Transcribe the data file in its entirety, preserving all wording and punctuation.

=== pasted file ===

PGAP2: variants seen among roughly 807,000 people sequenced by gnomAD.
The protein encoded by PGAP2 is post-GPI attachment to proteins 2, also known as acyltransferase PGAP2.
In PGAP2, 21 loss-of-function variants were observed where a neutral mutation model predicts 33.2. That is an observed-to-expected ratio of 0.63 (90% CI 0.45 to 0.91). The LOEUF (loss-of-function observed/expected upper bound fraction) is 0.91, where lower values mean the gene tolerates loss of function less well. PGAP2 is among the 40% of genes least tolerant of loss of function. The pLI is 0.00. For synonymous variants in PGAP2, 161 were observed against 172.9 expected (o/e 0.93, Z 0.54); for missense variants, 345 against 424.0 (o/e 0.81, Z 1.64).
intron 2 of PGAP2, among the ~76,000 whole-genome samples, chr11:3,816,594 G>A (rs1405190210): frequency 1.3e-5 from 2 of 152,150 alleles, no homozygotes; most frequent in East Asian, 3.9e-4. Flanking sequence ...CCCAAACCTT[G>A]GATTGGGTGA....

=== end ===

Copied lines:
PGAP2: variants seen among roughly 807,000 people sequenced by gnomAD.
The protein encoded by PGAP2 is post-GPI attachment to proteins 2, also known as acyltransferase PGAP2.
In PGAP2, 21 loss-of-function variants were observed where a neutral mutation model predicts 33.2. That is an observed-to-expected ratio of 0.63 (90% CI 0.45 to 0.91). The LOEUF (loss-of-function observed/expected upper bound fraction) is 0.91, where lower values mean the gene tolerates loss of function less well. PGAP2 is among the 40% of genes least tolerant of loss of function. The pLI is 0.00. For synonymous variants in PGAP2, 161 were observed against 172.9 expected (o/e 0.93, Z 0.54); for missense variants, 345 against 424.0 (o/e 0.81, Z 1.64).
intron 2 of PGAP2, among the ~76,000 whole-genome samples, chr11:3,816,594 G>A (rs1405190210): frequency 1.3e-5 from 2 of 152,150 alleles, no homozygotes; most frequent in East Asian, 3.9e-4. Flanking sequence ...CCCAAACCTT[G>A]GATTGGGTGA....